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#1Xing Wu (CAS: Chinese Academy of Sciences)H-Index: 14
#2Huan Xu (CAS: Chinese Academy of Sciences)
Last.Guohua Liu (CAS: Chinese Academy of Sciences)H-Index: 18
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Abstract Land use change and forest stand age are important factors in regulating soil respiration (Rs) in terrestrial ecosystems. However, the responses of Rs to these factors and the underlying mechanisms are not well understood, especially in fields converted from rice paddies (RPs) to upland cultivation. In this study, the characteristics of Rs and soil microbial community responses to land use changes from RPs to citrus orchards (ORs) with different stand ages (3, 10, 22, and 30 years) were...
#1Tinashe Mawodza (University of Sheffield)H-Index: 1
#2Genoveva Burca (RAL: Rutherford Appleton Laboratory)H-Index: 5
Last.Manoj Menon (University of Sheffield)H-Index: 15
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Abstract Non-invasive techniques are essential to deepen our understanding of root-soil interactions in situ. Neutron computed tomography (NCT) is an example of such techniques that have been successfully used to study these interactions in high resolution. Many of the studies using NCT however, have invariably focused on lupine plants and thus there is limited information available on other more commercially important staple crop plants such as wheat and rice. Also considering the high neutron ...
#1Alexandra Rodríguez (National Museum of Natural History)
#2Tommaso ChitiH-Index: 14
Last.Jorge Durán (UC: University of Coimbra)H-Index: 14
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Abstract Drought-induced forest die-off is occurring worldwide and is projected to increase in coming decades. However, if and to what extent this phenomenon affects the content of carbon (C) and nitrogen (N) in soils as well as its stability is far from clear. In a Mediterranean oak forest, we found that forest die-off negatively affected soil C and N contents, and positively affected C stability. We also found that the effect of forest die-off on soil C and N content was more pronounced at the...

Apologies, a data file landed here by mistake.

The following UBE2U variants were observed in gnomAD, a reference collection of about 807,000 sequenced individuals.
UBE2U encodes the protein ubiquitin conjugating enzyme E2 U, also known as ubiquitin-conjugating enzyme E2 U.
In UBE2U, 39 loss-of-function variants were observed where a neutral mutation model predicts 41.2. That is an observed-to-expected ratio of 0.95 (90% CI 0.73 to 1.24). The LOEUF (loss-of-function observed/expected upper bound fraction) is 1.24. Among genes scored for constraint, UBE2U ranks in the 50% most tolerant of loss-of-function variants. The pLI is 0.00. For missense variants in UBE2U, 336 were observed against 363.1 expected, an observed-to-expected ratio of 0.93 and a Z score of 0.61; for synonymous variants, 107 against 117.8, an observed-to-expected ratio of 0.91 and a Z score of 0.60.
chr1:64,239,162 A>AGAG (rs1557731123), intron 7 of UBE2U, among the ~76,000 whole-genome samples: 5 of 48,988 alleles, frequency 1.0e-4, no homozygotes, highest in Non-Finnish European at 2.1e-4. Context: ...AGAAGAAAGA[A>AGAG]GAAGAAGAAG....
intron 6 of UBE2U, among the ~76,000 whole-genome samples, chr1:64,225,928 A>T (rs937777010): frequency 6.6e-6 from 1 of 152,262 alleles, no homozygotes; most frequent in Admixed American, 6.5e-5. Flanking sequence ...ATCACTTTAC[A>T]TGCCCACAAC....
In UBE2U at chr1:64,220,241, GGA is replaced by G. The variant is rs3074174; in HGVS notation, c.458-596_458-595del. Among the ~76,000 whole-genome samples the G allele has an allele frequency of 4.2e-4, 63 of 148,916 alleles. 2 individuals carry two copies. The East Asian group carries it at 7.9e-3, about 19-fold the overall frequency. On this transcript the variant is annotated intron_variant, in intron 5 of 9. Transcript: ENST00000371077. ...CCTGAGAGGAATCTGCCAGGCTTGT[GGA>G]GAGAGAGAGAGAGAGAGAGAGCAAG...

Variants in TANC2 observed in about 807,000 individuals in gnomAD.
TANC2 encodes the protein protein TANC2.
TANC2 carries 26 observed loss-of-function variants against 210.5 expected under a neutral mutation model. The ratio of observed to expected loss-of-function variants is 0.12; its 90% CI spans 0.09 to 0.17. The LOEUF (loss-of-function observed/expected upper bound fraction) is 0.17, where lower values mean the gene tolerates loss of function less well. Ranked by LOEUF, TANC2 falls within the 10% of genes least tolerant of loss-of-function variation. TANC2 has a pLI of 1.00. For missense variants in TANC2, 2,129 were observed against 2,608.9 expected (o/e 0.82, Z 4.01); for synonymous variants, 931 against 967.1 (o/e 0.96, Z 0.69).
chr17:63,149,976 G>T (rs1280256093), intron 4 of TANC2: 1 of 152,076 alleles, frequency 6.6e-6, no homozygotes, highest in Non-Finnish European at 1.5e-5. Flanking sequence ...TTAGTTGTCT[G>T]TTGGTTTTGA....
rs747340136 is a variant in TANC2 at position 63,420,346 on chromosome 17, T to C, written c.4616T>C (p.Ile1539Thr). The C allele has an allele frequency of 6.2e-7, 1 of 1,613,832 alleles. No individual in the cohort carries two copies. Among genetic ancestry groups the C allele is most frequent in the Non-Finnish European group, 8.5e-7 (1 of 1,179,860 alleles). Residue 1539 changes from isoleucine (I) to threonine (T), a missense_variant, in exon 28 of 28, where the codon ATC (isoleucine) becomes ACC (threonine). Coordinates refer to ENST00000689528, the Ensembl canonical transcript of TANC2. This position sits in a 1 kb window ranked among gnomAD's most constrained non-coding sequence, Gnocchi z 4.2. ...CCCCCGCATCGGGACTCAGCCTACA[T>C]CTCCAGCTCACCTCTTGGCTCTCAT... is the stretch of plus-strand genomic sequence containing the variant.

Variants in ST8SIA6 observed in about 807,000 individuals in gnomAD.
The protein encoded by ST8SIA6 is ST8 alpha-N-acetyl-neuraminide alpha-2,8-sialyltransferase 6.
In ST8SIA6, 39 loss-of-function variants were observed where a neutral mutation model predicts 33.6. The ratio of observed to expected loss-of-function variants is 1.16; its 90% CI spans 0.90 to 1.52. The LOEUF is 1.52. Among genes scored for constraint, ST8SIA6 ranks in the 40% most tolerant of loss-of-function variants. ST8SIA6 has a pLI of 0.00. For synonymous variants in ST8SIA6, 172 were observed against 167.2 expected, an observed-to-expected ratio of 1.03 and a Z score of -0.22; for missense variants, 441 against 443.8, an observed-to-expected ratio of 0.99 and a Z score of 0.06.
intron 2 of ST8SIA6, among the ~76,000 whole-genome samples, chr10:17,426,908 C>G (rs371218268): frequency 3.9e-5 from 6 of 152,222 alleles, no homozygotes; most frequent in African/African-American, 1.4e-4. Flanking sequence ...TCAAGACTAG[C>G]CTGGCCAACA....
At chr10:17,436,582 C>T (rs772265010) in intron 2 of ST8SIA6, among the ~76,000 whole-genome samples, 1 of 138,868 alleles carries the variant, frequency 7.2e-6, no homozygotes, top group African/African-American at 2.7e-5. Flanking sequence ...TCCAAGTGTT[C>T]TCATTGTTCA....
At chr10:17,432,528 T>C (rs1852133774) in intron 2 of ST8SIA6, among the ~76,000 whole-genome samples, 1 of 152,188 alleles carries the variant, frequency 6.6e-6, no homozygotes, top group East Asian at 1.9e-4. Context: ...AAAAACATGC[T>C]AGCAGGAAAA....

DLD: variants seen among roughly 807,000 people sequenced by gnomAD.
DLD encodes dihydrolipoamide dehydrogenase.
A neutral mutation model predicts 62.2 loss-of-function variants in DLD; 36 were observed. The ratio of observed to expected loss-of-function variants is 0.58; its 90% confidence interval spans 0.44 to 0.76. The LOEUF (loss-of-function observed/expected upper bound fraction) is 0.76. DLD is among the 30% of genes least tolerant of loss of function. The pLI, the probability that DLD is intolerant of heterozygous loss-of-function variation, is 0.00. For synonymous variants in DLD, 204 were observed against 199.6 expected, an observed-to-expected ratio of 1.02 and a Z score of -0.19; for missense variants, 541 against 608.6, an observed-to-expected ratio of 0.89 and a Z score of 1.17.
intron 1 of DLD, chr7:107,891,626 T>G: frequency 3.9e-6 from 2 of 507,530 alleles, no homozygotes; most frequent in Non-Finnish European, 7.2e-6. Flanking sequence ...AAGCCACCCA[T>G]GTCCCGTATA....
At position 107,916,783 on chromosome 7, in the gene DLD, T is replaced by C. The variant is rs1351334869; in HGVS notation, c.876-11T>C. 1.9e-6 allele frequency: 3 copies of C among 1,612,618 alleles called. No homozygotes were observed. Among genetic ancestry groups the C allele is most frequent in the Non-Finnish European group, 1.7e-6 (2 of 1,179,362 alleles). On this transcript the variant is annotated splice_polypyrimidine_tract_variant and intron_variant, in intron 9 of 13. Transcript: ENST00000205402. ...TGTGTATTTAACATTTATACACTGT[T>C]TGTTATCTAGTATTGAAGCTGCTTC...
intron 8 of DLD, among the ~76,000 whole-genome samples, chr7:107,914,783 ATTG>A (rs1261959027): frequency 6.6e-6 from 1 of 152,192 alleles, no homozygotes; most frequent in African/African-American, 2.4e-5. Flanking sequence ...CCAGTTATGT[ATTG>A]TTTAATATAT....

#1Yongping Kou (CAS: Chinese Academy of Sciences)H-Index: 5
#2Kai Wei (CAS: Chinese Academy of Sciences)H-Index: 7
Last.Minjie Yao (Fujian Agriculture and Forestry University)
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Abstract The biogeographical distribution of methanotrophic communities and the mechanisms driving methanotrophic community assembly in grassland soils are largely unknown. In this study, the assembly mechanisms of methanotrophic communities and the niche preferences of specific methanotrophic taxa were investigated in three Chinese grassland regions, including the Inner Mongolian Plateau (IMP), the Xinjiang Autonomous Region (XAR) and the Tibetan Plateau (TP) across 1500, 1000 and 1000 km, resp...
#1Yuzhe Wang (Fujian Agriculture and Forestry University)
#2Junqiang Zheng (Henan University)
Last.Yalin Hu (Fujian Agriculture and Forestry University)
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Abstract Slash burning is a common and efficient way of removing forest harvest residues in subtropical plantations. However, few field studies have assessed the impact of fire-deposited charcoal on the diversity and composition of soil microbial communities. In this study, we manipulated the amount of charcoal left in plots after slash burning in a Pinus massoniana plantation of subtropical China. Soil samples were collected from 0 to 10 cm depth one year after charcoal application or removal. ...